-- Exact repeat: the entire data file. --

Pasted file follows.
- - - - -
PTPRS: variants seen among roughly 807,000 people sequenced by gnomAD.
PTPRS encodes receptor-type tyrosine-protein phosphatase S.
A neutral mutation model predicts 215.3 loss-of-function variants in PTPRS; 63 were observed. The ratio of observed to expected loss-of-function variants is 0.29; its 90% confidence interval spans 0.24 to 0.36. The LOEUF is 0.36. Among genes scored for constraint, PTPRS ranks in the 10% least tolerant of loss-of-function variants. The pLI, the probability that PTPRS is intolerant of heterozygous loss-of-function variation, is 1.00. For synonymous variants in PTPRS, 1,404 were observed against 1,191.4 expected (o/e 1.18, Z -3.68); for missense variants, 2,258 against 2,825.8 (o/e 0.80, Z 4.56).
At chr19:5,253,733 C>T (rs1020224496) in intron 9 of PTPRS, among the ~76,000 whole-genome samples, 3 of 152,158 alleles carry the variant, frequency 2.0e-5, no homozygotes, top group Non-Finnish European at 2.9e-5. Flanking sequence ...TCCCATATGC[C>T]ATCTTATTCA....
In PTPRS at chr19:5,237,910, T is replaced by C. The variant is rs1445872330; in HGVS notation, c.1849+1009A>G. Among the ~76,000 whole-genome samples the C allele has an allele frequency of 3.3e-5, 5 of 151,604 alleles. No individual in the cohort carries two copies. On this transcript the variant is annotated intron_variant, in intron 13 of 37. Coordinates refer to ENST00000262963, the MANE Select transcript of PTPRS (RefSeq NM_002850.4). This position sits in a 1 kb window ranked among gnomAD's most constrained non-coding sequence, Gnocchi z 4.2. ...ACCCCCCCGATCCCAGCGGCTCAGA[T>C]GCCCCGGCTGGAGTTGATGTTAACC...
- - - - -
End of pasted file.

PTPRS: variants seen among roughly 807,000 people sequenced by gnomAD.
PTPRS encodes receptor-type tyrosine-protein phosphatase S.
A neutral mutation model predicts 215.3 loss-of-function variants in PTPRS; 63 were observed. The ratio of observed to expected loss-of-function variants is 0.29; its 90% confidence interval spans 0.24 to 0.36. The LOEUF is 0.36. Among genes scored for constraint, PTPRS ranks in the 10% least tolerant of loss-of-function variants. The pLI, the probability that PTPRS is intolerant of heterozygous loss-of-function variation, is 1.00. For synonymous variants in PTPRS, 1,404 were observed against 1,191.4 expected (o/e 1.18, Z -3.68); for missense variants, 2,258 against 2,825.8 (o/e 0.80, Z 4.56).
At chr19:5,253,733 C>T (rs1020224496) in intron 9 of PTPRS, among the ~76,000 whole-genome samples, 3 of 152,158 alleles carry the variant, frequency 2.0e-5, no homozygotes, top group Non-Finnish European at 2.9e-5. Flanking sequence ...TCCCATATGC[C>T]ATCTTATTCA....
In PTPRS at chr19:5,237,910, T is replaced by C. The variant is rs1445872330; in HGVS notation, c.1849+1009A>G. Among the ~76,000 whole-genome samples the C allele has an allele frequency of 3.3e-5, 5 of 151,604 alleles. No individual in the cohort carries two copies. On this transcript the variant is annotated intron_variant, in intron 13 of 37. Coordinates refer to ENST00000262963, the MANE Select transcript of PTPRS (RefSeq NM_002850.4). This position sits in a 1 kb window ranked among gnomAD's most constrained non-coding sequence, Gnocchi z 4.2. ...ACCCCCCCGATCCCAGCGGCTCAGA[T>C]GCCCCGGCTGGAGTTGATGTTAACC...